A 2022 survey by the nonprofit Save the Children (conducted among children and young people aged 12-17) reports that four out of five children in the Gaza Strip suffer from depression, grief and fear. 

The survey also found a huge increase in children who reported feeling fearful (84% compared to 50% in 2018), nervous (80% compared to 55%), sad or depressed (77% compared to 62%) and grieving (78% compared to 55%). It was also found that more than half of Gaza’s children have contemplated suicide and three out of five are self-harming. 

The children of Israel 

However, children have also been killed on the Israeli side. Since the violent Hamas attack on October 7, Israel has counted at least 33 child deaths based on OCHA figures drawn from official Israeli sources. During the attack, Hamas took about 240 hostages, including 39 children (aged 18 and under), the youngest of whom was only 10 months old, CNN reports. During the first release of hostages by Hamas on November 24, 4 of the 13 people returned to Israel were children aged 2, 4, 5 and 9 years old. The releases continued in the following days as part of the agreement between Israel and Hamas. By Tuesday 28 November, 31 children had returned to their homes. 9 more remained captive including the 10-month-old infant.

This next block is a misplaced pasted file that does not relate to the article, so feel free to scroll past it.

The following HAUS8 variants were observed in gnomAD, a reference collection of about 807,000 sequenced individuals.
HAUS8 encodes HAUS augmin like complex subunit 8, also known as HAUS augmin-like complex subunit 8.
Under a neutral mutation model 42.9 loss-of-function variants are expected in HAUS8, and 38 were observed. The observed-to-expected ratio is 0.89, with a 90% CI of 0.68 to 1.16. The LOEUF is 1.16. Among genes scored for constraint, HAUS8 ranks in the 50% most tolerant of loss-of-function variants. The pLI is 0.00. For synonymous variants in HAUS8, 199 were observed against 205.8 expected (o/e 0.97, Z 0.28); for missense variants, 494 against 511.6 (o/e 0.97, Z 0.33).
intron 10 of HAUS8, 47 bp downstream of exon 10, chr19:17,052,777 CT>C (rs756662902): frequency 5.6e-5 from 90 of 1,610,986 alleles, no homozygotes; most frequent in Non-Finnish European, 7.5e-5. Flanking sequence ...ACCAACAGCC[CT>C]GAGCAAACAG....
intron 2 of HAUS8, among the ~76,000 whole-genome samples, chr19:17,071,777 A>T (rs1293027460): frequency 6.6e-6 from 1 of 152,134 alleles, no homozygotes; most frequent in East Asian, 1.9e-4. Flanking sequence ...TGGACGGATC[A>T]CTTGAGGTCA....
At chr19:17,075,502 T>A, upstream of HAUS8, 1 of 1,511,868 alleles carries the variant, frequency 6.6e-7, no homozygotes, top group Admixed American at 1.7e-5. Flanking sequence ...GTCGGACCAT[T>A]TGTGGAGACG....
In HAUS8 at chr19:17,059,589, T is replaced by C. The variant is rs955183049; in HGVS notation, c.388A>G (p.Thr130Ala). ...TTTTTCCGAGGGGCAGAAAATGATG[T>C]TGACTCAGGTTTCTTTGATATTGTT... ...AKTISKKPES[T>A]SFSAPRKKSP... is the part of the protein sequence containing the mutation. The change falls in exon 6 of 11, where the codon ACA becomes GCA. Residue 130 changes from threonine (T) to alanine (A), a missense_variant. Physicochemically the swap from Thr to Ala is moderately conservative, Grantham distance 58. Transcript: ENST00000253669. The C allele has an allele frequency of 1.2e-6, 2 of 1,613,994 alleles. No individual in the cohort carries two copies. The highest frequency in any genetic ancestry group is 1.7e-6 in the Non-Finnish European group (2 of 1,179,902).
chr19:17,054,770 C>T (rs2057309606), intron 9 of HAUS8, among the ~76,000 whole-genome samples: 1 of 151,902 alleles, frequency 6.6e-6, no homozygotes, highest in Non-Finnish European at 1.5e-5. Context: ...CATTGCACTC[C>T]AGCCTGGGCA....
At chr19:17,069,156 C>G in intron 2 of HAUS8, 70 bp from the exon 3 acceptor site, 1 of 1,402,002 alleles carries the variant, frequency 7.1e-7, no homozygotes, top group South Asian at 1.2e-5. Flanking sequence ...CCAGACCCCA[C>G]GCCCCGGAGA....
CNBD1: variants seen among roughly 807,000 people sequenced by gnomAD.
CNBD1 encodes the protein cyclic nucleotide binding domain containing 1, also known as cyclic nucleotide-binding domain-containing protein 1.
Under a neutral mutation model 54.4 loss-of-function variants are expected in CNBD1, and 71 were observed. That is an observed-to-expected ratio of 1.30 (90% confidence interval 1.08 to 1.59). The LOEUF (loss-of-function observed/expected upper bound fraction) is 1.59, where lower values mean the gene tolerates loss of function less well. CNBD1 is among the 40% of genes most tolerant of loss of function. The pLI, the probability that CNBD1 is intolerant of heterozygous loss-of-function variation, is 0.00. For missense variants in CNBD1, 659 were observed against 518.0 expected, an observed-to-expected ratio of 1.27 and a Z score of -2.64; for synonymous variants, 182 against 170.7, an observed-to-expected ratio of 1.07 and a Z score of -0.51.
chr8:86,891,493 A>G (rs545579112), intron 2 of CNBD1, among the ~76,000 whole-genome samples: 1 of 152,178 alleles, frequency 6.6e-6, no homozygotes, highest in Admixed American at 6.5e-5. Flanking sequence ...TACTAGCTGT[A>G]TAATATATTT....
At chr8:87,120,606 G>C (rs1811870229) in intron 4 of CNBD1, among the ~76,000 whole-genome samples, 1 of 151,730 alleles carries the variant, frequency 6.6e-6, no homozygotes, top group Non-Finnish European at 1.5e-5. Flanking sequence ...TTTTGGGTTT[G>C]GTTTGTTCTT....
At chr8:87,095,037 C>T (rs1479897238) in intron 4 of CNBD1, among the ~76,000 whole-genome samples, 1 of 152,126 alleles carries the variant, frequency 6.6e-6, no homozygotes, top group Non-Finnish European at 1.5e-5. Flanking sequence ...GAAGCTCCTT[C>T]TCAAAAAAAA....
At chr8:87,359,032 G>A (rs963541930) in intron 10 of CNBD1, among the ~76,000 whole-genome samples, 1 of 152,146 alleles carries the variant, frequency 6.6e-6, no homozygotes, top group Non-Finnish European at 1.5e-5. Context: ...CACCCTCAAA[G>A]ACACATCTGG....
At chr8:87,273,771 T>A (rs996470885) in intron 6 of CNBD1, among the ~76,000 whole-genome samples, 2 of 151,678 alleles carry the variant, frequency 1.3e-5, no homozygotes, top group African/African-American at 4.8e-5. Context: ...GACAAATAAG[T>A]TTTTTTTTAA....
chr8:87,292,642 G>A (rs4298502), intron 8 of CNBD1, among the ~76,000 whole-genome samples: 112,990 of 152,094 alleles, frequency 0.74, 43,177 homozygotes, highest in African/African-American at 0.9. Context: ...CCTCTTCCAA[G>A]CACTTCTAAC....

“One child’s death is one too many” as noted by Save the Children’s country director in the occupied Palestinian territory, Jason Lee.